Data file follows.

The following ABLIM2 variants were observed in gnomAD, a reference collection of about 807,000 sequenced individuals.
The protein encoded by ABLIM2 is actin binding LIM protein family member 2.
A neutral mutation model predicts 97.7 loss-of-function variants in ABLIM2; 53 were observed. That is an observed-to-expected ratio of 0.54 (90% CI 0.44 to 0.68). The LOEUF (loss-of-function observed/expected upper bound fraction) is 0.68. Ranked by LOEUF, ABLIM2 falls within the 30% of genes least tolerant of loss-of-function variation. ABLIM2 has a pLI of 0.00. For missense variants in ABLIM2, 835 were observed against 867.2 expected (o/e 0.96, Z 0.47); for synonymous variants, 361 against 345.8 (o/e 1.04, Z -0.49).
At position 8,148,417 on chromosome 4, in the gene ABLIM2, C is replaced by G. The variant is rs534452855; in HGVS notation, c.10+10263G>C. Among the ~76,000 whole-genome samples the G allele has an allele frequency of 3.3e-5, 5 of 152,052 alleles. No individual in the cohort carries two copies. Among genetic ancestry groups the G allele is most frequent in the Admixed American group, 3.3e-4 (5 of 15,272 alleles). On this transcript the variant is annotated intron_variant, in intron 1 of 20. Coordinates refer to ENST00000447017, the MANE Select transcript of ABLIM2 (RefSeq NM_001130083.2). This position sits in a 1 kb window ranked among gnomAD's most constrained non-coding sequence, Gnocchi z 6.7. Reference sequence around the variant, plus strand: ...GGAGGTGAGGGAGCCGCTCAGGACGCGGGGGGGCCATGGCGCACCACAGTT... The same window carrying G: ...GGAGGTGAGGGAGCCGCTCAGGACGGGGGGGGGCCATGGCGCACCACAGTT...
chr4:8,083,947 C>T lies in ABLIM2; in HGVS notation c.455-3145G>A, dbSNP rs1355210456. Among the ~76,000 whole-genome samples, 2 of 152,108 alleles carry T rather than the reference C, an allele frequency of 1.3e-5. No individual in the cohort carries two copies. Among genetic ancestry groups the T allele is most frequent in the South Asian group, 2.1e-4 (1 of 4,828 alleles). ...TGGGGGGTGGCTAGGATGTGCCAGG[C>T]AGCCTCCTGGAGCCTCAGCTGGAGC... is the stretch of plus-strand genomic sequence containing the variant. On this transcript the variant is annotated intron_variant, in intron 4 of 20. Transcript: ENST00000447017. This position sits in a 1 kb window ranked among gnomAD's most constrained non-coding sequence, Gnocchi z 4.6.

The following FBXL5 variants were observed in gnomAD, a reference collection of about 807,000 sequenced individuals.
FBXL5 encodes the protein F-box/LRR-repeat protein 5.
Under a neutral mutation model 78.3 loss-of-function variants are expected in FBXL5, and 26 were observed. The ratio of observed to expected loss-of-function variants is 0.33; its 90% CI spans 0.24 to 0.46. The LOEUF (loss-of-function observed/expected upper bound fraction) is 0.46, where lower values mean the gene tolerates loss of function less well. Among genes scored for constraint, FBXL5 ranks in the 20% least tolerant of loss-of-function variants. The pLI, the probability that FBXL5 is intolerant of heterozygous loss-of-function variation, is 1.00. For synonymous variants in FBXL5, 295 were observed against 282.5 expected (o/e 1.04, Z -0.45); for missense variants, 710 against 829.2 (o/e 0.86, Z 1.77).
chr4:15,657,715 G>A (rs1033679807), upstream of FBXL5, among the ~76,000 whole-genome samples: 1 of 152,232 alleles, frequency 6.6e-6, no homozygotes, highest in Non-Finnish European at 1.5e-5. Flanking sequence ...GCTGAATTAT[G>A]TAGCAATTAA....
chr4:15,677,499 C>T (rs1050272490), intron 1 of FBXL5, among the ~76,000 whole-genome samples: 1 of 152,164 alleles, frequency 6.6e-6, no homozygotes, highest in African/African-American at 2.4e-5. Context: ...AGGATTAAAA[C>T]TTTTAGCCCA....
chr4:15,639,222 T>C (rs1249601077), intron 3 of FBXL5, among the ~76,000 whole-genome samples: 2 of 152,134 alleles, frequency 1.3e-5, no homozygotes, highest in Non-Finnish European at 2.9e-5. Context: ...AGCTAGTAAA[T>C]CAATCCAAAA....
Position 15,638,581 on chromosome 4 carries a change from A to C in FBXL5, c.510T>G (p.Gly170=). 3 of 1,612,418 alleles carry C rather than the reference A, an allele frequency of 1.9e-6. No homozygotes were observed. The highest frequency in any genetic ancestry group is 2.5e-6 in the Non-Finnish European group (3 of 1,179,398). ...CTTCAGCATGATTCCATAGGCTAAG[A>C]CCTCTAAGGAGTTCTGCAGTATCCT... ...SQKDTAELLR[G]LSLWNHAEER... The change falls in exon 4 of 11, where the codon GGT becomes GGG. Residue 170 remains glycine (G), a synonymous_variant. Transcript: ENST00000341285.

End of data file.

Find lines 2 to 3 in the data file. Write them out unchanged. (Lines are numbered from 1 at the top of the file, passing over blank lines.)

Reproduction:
The protein encoded by ABLIM2 is actin binding LIM protein family member 2.
A neutral mutation model predicts 97.7 loss-of-function variants in ABLIM2; 53 were observed. That is an observed-to-expected ratio of 0.54 (90% CI 0.44 to 0.68). The LOEUF (loss-of-function observed/expected upper bound fraction) is 0.68. Ranked by LOEUF, ABLIM2 falls within the 30% of genes least tolerant of loss-of-function variation. ABLIM2 has a pLI of 0.00. For missense variants in ABLIM2, 835 were observed against 867.2 expected (o/e 0.96, Z 0.47); for synonymous variants, 361 against 345.8 (o/e 1.04, Z -0.49).